WRIT326 Persuading the Public: Rhetoric in Public Affairs

Updated: 12 March 2019
Credit Points 6
Location Teaching Period Mode of Study
Armidale Trimester 2 Online
Armidale Trimester 2 On Campus
Intensive School(s) None
Supervised Exam There is no supervised examination.
Pre-requisites 12cp or candidature in a postgraduate award
Co-requisites None
Restrictions ENCO226 or ENCO326 or ENCO426 or ENCO526 or WRIT526

offered in even-numbered years

Combined Units WRIT526 - Persuading the Public: Rhetoric in Public Affairs
Coordinator(s) Rosemary Williamson (rwilli27@une.edu.au)
Unit Description

Rhetoric, the use of language to persuade, is central to many and varied forms of human communication. Understanding rhetoric - the strategies and techniques involved, and their ethical dimensions - is important because rhetoric influences the ways in which people think and act, and perceive themselves and others. This unit draws on a range of theories, from ancient to contemporary times, to examine communication from a rhetorical perspective, with a particular focus on speeches and the professional writer. Students are able to analyse rhetorical texts from such sources as politicians, social reformers, corporate or religious leaders, and others. Students also have an option to gain some experience in speechwriting.

Materials Textbook information will be displayed approximately 8 weeks prior to the commencement of the teaching period. Please note that textbook requirements may vary from one teaching period to the next.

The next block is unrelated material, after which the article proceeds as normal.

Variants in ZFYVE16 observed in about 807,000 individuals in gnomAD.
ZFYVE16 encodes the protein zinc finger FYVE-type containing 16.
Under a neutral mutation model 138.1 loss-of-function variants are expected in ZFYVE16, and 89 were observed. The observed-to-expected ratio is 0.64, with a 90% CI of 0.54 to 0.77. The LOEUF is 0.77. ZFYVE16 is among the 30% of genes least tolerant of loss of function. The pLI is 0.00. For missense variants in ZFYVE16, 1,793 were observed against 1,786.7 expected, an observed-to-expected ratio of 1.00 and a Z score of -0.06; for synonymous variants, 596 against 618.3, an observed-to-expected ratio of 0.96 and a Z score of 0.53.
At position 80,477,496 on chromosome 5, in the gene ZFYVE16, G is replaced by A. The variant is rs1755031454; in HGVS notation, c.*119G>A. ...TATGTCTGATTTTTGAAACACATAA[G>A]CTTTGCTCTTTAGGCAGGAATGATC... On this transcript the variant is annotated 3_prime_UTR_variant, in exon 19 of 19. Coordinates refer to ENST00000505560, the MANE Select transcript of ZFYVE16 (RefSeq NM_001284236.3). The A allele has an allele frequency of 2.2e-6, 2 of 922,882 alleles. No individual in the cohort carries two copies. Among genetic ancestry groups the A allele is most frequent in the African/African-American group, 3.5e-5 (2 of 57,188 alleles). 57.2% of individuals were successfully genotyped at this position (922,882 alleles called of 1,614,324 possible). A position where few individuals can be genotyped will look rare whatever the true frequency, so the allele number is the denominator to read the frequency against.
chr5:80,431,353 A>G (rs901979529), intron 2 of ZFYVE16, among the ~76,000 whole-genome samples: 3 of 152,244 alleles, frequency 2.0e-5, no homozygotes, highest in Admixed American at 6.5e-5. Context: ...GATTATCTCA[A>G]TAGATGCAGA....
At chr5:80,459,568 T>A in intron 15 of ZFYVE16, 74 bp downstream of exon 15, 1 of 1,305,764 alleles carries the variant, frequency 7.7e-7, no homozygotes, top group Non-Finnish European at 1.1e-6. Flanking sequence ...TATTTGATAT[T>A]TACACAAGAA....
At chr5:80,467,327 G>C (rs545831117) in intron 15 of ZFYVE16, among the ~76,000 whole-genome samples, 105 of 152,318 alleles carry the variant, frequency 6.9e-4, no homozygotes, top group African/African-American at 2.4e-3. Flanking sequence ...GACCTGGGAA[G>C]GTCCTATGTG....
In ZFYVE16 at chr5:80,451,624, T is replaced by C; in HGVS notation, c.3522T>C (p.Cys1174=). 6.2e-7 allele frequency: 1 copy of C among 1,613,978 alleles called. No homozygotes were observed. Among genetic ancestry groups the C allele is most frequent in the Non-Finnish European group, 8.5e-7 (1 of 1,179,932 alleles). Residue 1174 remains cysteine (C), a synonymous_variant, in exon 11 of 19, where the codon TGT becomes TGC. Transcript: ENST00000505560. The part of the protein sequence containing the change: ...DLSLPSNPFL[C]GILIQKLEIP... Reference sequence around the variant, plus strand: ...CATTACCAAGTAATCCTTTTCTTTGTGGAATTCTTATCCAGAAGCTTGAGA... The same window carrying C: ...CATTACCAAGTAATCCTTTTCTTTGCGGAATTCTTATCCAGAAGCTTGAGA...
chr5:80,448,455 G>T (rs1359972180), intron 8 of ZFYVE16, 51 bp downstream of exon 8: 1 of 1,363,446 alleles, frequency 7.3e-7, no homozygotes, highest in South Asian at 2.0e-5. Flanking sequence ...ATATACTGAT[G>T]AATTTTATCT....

Disclaimer Unit information may be subject to change prior to commencement of the teaching period.
Assessment Assessment information will be published prior to commencement of the teaching period.
Learning Outcomes (LO) Upon completion of this unit, students will be able to:
  1. identify and critically evaluate debates within the field of rhetoric and rhetorical criticism;
  2. demonstrate advanced knowledge of the ways by which rhetorical texts engage with their generic conventions and their cultural, geographic and historical contexts;
  3. coherently communicate a critical analysis of a range of rhetorical texts and their ethical implications; and
  4. apply advanced reading, writing and research skills through the independent exposition of rhetorical texts.